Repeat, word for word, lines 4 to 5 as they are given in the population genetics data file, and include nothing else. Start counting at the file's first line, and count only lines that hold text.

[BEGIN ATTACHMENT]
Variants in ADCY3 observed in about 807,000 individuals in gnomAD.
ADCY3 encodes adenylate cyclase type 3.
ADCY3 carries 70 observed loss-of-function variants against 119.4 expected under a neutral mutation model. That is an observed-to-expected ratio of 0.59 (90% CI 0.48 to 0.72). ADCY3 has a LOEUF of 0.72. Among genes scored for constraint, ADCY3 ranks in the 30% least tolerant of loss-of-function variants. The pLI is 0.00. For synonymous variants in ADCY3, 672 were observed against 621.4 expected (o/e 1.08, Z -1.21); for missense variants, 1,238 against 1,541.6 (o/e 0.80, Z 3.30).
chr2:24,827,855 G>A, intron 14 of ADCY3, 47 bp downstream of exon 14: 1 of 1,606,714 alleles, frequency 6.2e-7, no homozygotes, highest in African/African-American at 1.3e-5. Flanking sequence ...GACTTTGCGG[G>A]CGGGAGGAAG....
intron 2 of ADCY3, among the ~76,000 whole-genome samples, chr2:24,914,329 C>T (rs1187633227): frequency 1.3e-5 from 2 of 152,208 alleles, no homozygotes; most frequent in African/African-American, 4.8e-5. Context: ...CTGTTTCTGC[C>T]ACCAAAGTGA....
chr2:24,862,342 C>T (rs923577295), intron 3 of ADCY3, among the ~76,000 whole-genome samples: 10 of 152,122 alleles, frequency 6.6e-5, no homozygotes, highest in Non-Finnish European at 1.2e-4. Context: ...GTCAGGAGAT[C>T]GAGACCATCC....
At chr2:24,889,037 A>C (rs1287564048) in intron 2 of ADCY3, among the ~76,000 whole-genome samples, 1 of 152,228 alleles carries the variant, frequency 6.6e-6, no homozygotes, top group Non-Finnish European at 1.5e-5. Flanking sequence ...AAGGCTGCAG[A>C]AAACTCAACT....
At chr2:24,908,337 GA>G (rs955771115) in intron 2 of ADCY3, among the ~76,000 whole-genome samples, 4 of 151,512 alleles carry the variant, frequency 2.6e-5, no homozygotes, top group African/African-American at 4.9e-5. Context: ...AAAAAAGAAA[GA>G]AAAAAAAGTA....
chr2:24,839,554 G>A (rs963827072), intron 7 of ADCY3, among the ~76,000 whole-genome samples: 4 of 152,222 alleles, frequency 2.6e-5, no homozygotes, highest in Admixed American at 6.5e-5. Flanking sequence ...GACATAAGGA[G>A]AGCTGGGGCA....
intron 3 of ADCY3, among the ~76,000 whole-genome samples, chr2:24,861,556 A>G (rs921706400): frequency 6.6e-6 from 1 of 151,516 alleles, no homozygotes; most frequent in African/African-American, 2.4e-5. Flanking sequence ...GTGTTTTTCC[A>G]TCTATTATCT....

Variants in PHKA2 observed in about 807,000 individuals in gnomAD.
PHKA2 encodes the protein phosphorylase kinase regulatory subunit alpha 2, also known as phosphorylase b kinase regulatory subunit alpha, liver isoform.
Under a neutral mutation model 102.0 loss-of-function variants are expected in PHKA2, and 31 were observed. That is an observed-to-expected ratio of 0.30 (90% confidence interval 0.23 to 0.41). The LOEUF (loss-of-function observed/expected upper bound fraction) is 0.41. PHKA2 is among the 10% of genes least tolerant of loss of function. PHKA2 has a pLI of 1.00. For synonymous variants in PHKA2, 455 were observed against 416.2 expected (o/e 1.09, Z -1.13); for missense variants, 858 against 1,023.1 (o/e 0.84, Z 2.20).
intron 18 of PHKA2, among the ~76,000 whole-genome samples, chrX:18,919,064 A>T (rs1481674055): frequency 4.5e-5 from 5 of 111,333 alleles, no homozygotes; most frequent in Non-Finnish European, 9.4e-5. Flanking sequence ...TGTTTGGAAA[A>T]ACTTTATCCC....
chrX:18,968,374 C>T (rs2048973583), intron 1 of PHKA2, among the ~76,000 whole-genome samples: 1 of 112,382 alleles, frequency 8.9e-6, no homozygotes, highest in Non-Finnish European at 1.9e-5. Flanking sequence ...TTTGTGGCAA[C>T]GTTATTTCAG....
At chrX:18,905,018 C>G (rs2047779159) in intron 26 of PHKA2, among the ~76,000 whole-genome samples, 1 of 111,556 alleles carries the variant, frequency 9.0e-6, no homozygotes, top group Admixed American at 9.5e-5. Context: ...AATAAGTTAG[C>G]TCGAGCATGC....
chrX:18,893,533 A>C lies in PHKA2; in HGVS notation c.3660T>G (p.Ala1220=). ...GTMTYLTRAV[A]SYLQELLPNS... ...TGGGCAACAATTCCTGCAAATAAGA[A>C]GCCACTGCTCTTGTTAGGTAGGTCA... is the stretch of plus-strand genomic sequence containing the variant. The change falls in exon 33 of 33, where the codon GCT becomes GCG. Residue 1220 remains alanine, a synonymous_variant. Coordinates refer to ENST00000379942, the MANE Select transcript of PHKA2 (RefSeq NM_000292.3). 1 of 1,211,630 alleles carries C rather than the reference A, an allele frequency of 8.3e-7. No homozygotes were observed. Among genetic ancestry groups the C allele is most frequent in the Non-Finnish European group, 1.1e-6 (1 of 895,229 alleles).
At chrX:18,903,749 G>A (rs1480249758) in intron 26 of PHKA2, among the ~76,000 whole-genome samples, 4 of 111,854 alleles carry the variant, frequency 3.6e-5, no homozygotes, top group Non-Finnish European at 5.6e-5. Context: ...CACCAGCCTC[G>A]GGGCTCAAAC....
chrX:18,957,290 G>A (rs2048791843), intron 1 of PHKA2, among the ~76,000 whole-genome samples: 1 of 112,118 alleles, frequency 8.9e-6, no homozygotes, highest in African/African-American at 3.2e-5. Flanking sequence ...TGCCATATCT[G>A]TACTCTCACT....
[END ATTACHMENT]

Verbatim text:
chr2:24,827,855 G>A, intron 14 of ADCY3, 47 bp downstream of exon 14: 1 of 1,606,714 alleles, frequency 6.2e-7, no homozygotes, highest in African/African-American at 1.3e-5. Flanking sequence ...GACTTTGCGG[G>A]CGGGAGGAAG....
intron 2 of ADCY3, among the ~76,000 whole-genome samples, chr2:24,914,329 C>T (rs1187633227): frequency 1.3e-5 from 2 of 152,208 alleles, no homozygotes; most frequent in African/African-American, 4.8e-5. Context: ...CTGTTTCTGC[C>T]ACCAAAGTGA....